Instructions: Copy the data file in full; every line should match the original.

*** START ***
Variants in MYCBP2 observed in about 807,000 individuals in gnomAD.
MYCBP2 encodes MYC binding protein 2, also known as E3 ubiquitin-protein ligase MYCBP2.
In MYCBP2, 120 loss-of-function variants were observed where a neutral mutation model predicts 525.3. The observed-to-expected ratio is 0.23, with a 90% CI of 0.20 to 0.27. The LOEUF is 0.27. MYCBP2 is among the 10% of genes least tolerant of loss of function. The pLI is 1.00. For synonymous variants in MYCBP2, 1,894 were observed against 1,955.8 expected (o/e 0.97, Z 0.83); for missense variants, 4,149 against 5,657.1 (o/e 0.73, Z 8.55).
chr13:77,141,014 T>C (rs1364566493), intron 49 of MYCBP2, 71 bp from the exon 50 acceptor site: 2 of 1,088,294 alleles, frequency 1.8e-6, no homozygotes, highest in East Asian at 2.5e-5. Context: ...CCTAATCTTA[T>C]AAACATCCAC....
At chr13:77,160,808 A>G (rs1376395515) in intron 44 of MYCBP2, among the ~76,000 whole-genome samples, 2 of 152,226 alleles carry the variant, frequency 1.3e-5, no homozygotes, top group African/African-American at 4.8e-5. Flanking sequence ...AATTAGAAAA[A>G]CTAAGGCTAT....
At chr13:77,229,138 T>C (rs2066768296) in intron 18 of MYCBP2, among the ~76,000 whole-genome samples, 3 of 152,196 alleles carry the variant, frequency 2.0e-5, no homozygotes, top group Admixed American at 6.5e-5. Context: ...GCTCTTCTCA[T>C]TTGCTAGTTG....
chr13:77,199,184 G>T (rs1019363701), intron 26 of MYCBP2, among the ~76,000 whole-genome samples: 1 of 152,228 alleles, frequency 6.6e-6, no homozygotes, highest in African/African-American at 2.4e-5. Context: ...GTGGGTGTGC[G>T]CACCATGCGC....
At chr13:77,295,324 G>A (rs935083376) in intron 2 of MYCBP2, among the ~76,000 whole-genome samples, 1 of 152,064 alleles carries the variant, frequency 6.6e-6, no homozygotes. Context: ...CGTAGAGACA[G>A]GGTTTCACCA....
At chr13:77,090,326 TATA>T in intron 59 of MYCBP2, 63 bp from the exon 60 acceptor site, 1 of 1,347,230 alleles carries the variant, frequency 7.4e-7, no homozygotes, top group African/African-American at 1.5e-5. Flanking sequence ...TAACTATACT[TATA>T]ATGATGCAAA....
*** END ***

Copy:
Variants in MYCBP2 observed in about 807,000 individuals in gnomAD.
MYCBP2 encodes MYC binding protein 2, also known as E3 ubiquitin-protein ligase MYCBP2.
In MYCBP2, 120 loss-of-function variants were observed where a neutral mutation model predicts 525.3. The observed-to-expected ratio is 0.23, with a 90% CI of 0.20 to 0.27. The LOEUF is 0.27. MYCBP2 is among the 10% of genes least tolerant of loss of function. The pLI is 1.00. For synonymous variants in MYCBP2, 1,894 were observed against 1,955.8 expected (o/e 0.97, Z 0.83); for missense variants, 4,149 against 5,657.1 (o/e 0.73, Z 8.55).
chr13:77,141,014 T>C (rs1364566493), intron 49 of MYCBP2, 71 bp from the exon 50 acceptor site: 2 of 1,088,294 alleles, frequency 1.8e-6, no homozygotes, highest in East Asian at 2.5e-5. Context: ...CCTAATCTTA[T>C]AAACATCCAC....
At chr13:77,160,808 A>G (rs1376395515) in intron 44 of MYCBP2, among the ~76,000 whole-genome samples, 2 of 152,226 alleles carry the variant, frequency 1.3e-5, no homozygotes, top group African/African-American at 4.8e-5. Flanking sequence ...AATTAGAAAA[A>G]CTAAGGCTAT....
At chr13:77,229,138 T>C (rs2066768296) in intron 18 of MYCBP2, among the ~76,000 whole-genome samples, 3 of 152,196 alleles carry the variant, frequency 2.0e-5, no homozygotes, top group Admixed American at 6.5e-5. Context: ...GCTCTTCTCA[T>C]TTGCTAGTTG....
chr13:77,199,184 G>T (rs1019363701), intron 26 of MYCBP2, among the ~76,000 whole-genome samples: 1 of 152,228 alleles, frequency 6.6e-6, no homozygotes, highest in African/African-American at 2.4e-5. Context: ...GTGGGTGTGC[G>T]CACCATGCGC....
At chr13:77,295,324 G>A (rs935083376) in intron 2 of MYCBP2, among the ~76,000 whole-genome samples, 1 of 152,064 alleles carries the variant, frequency 6.6e-6, no homozygotes. Context: ...CGTAGAGACA[G>A]GGTTTCACCA....
At chr13:77,090,326 TATA>T in intron 59 of MYCBP2, 63 bp from the exon 60 acceptor site, 1 of 1,347,230 alleles carries the variant, frequency 7.4e-7, no homozygotes, top group African/African-American at 1.5e-5. Flanking sequence ...TAACTATACT[TATA>T]ATGATGCAAA....